Continue reading after the jump.

On View> The Met presents “Captain Linnaeus Tripe: Photographer of India and Burma, 1852–1860″

East, On View
Wednesday, March 11, 2015
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(Captain Linnaeus Tripe / Courtesy Met)

(Captain Linnaeus Tripe / Courtesy Met)

Captain Linnaeus Tripe: Photographer of India and Burma, 1852–1860
The Metropolitan Museum of Art
1000 5th Avenue, New York City
Through May 25

In the early days of the British Raj, few people at home in the UK could do anything but imagine the far-away land their nation had conquered and subjected to colonial rule. It would be another 160 or so years before Instagram arrived and the photographic chemistry of the day suffered terribly in the oppressive heat and humidity of the Indian subcontinent. Then along came Captain Linnaeus Tripe.

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On View> Sink or Swim: Designing for a Sea Change

(Paula Bronstein)

(Paula Bronstein)

 

Sink or Swim: Designing for a Sea Change
Annenberg Space For Photography
2000 Avenue of the Stars, Los Angeles
Through May 3, 2015

Sink or Swim: Design for a Sea Change, at the Annenberg Space For Photography, examines worldwide resiliency strategies in architecture and design for the new challenges brought about by climate change and sea level rise.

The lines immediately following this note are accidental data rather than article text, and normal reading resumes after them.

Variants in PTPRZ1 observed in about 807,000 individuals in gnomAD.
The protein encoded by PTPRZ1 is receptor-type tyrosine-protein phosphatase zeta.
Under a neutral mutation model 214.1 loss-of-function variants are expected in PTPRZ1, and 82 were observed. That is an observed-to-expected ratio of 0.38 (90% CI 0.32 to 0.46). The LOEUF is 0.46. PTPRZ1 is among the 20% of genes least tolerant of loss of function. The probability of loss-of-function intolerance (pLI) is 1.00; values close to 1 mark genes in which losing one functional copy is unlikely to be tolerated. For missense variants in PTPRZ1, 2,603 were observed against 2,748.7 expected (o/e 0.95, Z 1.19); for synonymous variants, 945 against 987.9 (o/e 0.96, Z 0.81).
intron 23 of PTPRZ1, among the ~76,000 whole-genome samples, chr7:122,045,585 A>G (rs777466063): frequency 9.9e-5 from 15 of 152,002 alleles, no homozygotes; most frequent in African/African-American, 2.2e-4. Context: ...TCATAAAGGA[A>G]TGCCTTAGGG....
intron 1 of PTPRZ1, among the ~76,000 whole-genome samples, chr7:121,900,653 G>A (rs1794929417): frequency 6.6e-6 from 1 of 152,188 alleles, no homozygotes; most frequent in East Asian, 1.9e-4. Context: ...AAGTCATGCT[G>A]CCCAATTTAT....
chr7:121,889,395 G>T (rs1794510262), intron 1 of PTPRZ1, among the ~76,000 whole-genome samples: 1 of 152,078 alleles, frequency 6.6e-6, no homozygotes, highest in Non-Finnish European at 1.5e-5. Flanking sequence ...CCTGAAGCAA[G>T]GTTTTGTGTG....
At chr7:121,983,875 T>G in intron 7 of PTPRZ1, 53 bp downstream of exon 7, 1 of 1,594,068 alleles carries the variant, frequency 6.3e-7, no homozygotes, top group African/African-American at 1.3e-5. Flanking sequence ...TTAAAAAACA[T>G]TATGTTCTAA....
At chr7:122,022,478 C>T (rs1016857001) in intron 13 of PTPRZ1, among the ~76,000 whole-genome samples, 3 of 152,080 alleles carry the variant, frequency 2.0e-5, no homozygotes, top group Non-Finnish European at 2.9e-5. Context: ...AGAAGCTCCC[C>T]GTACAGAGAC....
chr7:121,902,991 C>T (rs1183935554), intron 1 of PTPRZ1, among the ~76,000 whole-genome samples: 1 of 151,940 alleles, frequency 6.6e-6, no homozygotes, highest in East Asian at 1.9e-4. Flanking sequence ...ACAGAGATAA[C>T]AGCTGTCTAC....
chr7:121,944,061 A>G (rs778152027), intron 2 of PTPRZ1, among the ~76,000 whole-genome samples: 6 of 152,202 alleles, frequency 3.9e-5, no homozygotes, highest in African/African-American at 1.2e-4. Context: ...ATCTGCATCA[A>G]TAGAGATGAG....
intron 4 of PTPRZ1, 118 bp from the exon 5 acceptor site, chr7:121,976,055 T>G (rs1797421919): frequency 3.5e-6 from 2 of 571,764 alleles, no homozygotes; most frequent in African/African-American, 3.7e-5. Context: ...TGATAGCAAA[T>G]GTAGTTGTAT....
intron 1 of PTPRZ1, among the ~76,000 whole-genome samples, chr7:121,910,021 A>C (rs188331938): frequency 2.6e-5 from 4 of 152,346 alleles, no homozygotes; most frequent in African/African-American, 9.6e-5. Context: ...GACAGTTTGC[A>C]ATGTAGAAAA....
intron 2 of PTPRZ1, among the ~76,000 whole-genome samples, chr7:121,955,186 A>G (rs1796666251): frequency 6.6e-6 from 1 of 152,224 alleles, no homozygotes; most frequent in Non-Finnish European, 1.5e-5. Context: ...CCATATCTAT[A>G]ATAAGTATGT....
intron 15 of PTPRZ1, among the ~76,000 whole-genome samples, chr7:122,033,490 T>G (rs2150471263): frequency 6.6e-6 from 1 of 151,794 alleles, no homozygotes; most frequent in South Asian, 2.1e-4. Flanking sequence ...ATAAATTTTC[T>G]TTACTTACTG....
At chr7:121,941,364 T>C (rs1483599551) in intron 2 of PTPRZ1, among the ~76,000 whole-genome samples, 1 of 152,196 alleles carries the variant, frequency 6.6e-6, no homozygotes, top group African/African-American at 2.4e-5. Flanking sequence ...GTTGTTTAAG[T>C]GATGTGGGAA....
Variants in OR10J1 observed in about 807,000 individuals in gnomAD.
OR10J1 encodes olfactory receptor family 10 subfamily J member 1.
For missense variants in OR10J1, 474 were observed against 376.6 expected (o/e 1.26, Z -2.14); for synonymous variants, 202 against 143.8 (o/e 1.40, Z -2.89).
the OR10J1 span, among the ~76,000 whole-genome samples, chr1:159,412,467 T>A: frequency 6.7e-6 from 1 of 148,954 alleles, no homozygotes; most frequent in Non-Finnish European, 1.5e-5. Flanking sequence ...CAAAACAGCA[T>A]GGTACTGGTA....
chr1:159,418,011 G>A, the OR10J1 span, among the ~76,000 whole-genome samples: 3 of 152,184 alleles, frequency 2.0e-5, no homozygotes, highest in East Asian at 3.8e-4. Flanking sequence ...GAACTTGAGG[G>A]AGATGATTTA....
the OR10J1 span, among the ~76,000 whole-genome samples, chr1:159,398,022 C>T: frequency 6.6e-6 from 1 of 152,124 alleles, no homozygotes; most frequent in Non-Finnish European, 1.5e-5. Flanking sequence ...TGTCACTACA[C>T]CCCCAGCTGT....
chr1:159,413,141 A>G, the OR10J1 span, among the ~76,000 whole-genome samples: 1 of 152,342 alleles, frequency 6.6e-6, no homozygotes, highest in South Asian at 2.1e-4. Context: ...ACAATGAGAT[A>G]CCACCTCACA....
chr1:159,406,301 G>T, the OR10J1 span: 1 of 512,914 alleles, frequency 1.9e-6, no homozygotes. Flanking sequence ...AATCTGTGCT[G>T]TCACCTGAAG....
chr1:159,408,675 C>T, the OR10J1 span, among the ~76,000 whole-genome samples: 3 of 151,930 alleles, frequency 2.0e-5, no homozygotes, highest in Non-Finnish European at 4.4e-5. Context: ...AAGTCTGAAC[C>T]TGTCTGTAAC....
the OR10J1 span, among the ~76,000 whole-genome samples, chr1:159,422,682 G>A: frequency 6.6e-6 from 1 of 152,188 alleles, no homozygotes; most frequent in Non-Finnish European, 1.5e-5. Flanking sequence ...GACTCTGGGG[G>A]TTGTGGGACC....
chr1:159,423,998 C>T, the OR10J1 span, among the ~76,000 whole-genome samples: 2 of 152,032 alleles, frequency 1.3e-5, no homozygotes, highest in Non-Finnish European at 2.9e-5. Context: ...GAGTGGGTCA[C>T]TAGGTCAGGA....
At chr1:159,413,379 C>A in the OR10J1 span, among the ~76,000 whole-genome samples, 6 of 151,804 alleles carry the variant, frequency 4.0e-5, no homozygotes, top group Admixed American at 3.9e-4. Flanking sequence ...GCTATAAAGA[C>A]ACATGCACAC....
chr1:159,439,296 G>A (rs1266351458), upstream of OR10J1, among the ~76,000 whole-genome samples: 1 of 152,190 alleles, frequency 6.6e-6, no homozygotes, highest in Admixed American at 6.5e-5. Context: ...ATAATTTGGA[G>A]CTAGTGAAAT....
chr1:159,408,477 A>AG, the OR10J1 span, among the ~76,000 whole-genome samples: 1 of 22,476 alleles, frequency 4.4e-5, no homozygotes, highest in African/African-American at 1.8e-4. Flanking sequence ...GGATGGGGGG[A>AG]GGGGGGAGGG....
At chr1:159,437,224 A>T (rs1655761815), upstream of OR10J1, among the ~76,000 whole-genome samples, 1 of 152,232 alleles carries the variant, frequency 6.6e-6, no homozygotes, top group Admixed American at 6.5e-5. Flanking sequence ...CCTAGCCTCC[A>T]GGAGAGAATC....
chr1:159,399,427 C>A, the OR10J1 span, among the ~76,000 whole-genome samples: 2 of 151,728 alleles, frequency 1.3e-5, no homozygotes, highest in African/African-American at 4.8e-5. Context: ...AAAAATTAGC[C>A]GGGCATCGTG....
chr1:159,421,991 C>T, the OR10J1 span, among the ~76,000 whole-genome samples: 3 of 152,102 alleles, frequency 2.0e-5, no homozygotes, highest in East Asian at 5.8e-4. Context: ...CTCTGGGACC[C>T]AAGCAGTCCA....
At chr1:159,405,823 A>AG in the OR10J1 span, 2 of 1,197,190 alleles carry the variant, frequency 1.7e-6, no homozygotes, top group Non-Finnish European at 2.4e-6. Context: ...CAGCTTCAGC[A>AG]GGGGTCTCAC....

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Night at the Museum II: Bjarke Ingels to re-imagine National Building Museum for new exhibition

Architecture, Art, East, On View
Thursday, December 11, 2014
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"HOT TO COLD" at the National Building Museum. (Courtesy National Building Museum)

“HOT TO COLD” at the National Building Museum. (Courtesy National Building Museum)

The Bjarke Ingels Group (BIG) is returning to the National Building Museum shortly after its hugely-popular, and highly-traversed maze installation in the building’s Grand Hall. This January, the museum will present what is essentially a retrospective on BIG’s work called HOT TO COLD: an odyssey of architectural adaptation.